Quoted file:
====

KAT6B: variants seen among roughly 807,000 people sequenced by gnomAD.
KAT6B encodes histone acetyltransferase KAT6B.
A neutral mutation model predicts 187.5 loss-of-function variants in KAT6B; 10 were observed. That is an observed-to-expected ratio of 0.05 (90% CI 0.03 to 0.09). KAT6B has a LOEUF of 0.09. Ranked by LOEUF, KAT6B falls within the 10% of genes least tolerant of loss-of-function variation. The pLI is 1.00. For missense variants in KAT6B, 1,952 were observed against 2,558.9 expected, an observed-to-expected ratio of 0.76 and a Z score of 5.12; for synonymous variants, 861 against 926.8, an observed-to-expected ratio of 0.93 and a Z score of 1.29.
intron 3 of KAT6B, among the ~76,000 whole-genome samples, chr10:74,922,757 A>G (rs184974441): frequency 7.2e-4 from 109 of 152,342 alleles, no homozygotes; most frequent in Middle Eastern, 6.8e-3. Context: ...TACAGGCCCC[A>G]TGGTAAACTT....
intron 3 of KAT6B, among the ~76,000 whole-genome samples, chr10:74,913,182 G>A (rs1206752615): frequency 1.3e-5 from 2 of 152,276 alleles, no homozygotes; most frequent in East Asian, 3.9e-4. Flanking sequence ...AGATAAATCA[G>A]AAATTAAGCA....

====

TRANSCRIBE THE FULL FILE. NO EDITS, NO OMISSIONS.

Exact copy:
KAT6B: variants seen among roughly 807,000 people sequenced by gnomAD.
KAT6B encodes histone acetyltransferase KAT6B.
A neutral mutation model predicts 187.5 loss-of-function variants in KAT6B; 10 were observed. That is an observed-to-expected ratio of 0.05 (90% CI 0.03 to 0.09). KAT6B has a LOEUF of 0.09. Ranked by LOEUF, KAT6B falls within the 10% of genes least tolerant of loss-of-function variation. The pLI is 1.00. For missense variants in KAT6B, 1,952 were observed against 2,558.9 expected, an observed-to-expected ratio of 0.76 and a Z score of 5.12; for synonymous variants, 861 against 926.8, an observed-to-expected ratio of 0.93 and a Z score of 1.29.
intron 3 of KAT6B, among the ~76,000 whole-genome samples, chr10:74,922,757 A>G (rs184974441): frequency 7.2e-4 from 109 of 152,342 alleles, no homozygotes; most frequent in Middle Eastern, 6.8e-3. Context: ...TACAGGCCCC[A>G]TGGTAAACTT....
intron 3 of KAT6B, among the ~76,000 whole-genome samples, chr10:74,913,182 G>A (rs1206752615): frequency 1.3e-5 from 2 of 152,276 alleles, no homozygotes; most frequent in East Asian, 3.9e-4. Flanking sequence ...AGATAAATCA[G>A]AAATTAAGCA....